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September 4, 2008 - Joe Gorman
Four attorneys and a judge haggled over motions and the law for over 90 minutes Thursday and never once mentioned the 1-year-old boy who was brutally beaten and murdered.
They met in the courtroom of Mahoning County Common Pleas Judge R. Scott Krichbaum to try and sort out the quagmire the capital murder case against Terrence Tate has turned into.
Tate is accused of beating and killing 1-year-old Javonte Covington in the Griffith Street apartment of the baby's mother in April of 2006 because the baby would not stay quiet. Since then, his confession has been thrown out and a judge has recused himself from the case without publicly saying why.
Thursday, prosecutors asked that the confession be reinstated and defense attorneys argued why their client should be released from jail. They were professional and courteous.
But no one said a word about Javonte.
I'll admit that because I have young kids and buried a baby that this has struck a chord with me. I think of the little boy who will never be, who will not be able to play football in the yard or get excited about meeting new friends at school or even makes a mess out of his ice cream.
None of that was mentioned Thursday, and maybe that isn't the place for it. But it was on my mind as I constantly scribbled to try and keep up with the chatter (these motion hearings are long and tedious to cover, because so much is said and is important that sometimes it takes longer to write the story because you have to sift through everything and decide what is the most compelling and pertinent material to fit in the space you have).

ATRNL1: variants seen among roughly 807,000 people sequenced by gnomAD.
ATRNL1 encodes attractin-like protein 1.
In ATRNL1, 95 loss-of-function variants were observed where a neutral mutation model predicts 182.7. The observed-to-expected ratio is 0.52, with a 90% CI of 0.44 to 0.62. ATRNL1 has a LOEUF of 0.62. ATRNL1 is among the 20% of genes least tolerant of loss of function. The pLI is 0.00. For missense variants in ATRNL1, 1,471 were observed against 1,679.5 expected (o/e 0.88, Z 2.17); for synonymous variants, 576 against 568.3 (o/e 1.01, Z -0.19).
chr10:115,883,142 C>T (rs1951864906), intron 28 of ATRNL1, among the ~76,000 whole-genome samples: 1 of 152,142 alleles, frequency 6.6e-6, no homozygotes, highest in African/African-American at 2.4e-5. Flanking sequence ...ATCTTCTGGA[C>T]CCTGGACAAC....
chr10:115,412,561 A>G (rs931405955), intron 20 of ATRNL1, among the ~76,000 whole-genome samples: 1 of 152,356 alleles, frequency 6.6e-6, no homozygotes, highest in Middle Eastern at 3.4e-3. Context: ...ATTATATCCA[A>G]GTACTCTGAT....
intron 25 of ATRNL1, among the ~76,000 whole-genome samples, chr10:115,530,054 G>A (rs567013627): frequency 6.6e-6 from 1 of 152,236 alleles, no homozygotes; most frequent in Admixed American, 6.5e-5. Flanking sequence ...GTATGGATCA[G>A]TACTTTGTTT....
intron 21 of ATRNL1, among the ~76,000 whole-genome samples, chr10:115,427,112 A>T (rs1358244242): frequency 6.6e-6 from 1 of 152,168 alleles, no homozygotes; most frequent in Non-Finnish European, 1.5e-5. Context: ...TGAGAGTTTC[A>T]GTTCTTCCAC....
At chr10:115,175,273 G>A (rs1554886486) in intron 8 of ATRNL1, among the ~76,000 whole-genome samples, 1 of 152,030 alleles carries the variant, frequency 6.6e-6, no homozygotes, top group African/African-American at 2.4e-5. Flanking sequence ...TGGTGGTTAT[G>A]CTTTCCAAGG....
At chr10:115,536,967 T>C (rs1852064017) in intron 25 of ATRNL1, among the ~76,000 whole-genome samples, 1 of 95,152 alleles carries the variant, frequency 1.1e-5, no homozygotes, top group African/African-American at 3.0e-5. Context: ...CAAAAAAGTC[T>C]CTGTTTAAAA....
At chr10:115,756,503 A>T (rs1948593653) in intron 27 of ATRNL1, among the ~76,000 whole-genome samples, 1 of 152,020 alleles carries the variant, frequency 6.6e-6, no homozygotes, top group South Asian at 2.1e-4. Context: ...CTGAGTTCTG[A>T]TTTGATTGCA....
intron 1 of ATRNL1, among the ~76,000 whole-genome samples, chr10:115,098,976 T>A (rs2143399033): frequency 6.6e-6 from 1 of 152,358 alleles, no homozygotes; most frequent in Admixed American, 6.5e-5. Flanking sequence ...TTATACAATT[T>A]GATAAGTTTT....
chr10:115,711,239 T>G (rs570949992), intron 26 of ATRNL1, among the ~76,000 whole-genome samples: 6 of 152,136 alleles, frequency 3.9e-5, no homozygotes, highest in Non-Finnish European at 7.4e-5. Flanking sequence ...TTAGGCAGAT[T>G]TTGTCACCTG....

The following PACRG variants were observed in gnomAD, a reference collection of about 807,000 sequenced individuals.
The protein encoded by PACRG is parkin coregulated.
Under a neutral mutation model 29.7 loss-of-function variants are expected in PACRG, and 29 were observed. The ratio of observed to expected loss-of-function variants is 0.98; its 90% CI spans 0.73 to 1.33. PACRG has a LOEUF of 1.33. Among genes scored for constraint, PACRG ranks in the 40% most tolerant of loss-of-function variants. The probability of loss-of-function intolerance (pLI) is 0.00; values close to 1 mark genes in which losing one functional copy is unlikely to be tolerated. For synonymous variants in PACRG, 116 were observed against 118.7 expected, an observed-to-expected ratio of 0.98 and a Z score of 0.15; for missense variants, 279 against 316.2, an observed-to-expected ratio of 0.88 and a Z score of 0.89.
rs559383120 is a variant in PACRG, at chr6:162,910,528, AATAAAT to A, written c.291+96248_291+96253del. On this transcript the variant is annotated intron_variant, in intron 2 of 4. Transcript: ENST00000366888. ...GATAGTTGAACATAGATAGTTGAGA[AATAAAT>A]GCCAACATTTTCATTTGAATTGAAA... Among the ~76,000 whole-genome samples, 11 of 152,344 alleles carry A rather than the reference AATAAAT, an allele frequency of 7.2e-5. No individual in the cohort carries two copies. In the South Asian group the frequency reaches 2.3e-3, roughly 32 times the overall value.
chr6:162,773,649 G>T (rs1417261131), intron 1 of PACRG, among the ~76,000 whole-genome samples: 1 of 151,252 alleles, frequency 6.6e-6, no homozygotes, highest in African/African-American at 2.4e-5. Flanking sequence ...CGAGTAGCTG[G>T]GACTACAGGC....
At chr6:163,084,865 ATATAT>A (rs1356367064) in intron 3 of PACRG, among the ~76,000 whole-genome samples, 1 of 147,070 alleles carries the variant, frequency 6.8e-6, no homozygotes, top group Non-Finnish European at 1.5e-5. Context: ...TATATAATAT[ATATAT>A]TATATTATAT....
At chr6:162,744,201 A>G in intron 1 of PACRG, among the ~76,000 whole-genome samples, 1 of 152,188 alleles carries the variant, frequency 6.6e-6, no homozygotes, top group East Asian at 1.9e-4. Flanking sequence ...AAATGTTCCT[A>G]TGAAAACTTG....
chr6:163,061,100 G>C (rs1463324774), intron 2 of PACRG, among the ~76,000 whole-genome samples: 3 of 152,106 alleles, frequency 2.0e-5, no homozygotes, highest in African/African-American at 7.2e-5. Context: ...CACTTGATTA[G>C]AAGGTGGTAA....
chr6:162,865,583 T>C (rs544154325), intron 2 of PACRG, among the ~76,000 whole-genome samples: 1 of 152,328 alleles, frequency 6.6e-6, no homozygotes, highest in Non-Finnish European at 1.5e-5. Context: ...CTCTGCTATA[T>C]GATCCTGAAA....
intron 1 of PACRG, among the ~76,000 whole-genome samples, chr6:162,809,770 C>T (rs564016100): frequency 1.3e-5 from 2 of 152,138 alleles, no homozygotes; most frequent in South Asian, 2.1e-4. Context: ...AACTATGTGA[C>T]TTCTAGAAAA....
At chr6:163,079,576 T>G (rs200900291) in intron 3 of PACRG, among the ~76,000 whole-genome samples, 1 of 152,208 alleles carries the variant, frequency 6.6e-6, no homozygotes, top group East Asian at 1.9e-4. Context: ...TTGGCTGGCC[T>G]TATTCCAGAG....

Javonte's father and family were there, which was good. You would be surprised at how many times families do not show up in these cases. I know that sometimes the pain may be too much to sit in a courtroom, but at other times, I know for a fact that it is because they do not care.
But people care in this case. And that goes for the lawyers, and the judge. They are just trying to do their jobs. And apparently right now, that job does not include talking about the little boy who will never grow up to be a man with a job of his own.
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